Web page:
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Current or potential pressures on the proposed Geopark

The main pressures in the wider area of the potential geopark may be grouped to those related to potential environmental pollution, to natural disasters risk, and to tourism development pressures.

In greatest part of the area, the condition of the environment is satisfactory. However, hydrotechnical infrastructure in the zones of the direct influence of the Djerdap power plant may have a negative influence, by occasional rising of the groundwater level and change of microclimate conditions. Water quality is also potentially influenced by flotation processes in Majdanpek copper quarry. Due to the significance of the Pan-European Corridor VII (the Danube River), it can be expected that the Danube water may have a decreased quality, which cannot be completely avoided and is mostly beyond the local control. Air quality may be threatened by occasional impacts of wind from the direction of Majdanpek quarry flotation and from the industrial zone of Turnu Severin in Romania. Among the natural disaster risks, the most serious are certainly floods, although they can be successfully managed through adjusting the levels of the water accumulation. Tourism pressure is not present yet, but it may be expected that, with further development, it will be necessary to take particular care in order to provide the balance between tourist management and preservation measures.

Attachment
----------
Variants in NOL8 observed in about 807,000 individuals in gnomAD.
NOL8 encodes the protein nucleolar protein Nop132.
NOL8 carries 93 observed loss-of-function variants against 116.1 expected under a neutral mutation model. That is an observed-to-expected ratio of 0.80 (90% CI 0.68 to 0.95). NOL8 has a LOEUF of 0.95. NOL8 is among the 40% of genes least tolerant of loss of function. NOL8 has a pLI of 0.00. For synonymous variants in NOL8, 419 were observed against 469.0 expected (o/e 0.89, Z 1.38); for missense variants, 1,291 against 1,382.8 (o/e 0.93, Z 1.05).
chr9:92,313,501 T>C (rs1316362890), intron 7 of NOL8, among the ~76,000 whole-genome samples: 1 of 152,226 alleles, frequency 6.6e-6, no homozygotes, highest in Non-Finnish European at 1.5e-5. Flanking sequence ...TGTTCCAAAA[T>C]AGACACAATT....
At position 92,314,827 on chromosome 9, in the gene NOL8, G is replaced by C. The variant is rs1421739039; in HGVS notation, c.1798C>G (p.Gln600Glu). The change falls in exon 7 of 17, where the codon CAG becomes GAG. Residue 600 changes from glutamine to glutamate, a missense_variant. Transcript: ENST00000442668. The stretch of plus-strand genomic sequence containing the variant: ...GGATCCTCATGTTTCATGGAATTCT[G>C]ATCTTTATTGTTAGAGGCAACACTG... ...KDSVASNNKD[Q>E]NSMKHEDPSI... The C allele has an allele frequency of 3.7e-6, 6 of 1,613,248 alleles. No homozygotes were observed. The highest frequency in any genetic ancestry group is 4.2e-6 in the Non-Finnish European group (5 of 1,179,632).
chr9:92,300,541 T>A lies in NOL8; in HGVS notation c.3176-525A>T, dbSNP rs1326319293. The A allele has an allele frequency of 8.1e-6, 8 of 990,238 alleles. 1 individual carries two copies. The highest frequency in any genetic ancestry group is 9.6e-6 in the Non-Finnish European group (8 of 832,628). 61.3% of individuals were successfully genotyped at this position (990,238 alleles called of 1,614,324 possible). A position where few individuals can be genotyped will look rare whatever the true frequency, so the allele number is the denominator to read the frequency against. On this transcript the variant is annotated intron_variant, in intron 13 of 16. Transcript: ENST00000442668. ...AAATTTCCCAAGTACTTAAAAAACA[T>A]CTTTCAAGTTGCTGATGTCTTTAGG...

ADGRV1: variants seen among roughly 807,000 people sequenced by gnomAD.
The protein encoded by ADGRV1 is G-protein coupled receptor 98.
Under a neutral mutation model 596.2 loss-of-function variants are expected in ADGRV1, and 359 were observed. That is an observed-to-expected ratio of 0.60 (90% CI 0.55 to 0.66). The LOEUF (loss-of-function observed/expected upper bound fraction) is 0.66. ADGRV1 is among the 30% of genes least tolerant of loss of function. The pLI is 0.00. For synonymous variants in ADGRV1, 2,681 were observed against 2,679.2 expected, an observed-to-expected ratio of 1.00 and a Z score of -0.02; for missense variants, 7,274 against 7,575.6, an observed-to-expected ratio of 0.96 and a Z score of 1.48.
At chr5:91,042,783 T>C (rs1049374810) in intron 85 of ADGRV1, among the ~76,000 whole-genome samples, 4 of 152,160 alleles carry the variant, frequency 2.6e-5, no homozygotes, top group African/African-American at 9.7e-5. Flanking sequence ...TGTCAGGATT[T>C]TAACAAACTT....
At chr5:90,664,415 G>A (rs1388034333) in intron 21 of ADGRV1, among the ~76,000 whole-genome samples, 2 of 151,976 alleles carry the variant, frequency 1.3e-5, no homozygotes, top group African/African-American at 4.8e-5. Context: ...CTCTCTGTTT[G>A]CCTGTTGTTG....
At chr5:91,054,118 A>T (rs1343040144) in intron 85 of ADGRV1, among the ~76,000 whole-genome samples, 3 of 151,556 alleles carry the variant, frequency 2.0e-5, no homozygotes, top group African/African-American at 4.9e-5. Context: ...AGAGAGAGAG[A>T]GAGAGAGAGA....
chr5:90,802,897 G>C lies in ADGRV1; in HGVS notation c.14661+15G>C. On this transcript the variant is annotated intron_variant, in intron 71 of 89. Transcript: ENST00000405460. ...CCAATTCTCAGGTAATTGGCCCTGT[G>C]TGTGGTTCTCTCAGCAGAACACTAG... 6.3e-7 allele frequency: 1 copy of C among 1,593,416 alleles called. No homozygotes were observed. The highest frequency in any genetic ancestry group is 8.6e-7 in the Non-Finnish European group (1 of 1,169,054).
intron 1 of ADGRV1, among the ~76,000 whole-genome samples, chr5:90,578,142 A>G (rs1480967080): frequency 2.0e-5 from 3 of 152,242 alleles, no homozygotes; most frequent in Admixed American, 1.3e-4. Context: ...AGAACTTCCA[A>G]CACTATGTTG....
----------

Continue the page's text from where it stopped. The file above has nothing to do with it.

Current status in terms of protection of geological sites within the proposed Geopark

Aspirant Djerdap Geopark encompasses several spatial units which include protected and preserved geoheritage – geological, geomorphological and hydrological objects of international or national significance, with scientific, educational or touristic values. The areas are protected either within the Djerdap National Park, or as Natural monuments.

Area of the Djerdap gorge, at the right bank of the Danube River between the towns of Golubac and Kladovo, is an area of extraordinary significance (international and national) and is officially protected under the name Djerdap National Park, at the spatial extent of 638 km2. It was established in 1974 through the Law on the Djerdap National park. According to the existing categories of protection regime, the largest part of the Djerdap National Park (70.5%) lies within the category III, 21.5% within the category II and the least, 8%, is in the first category.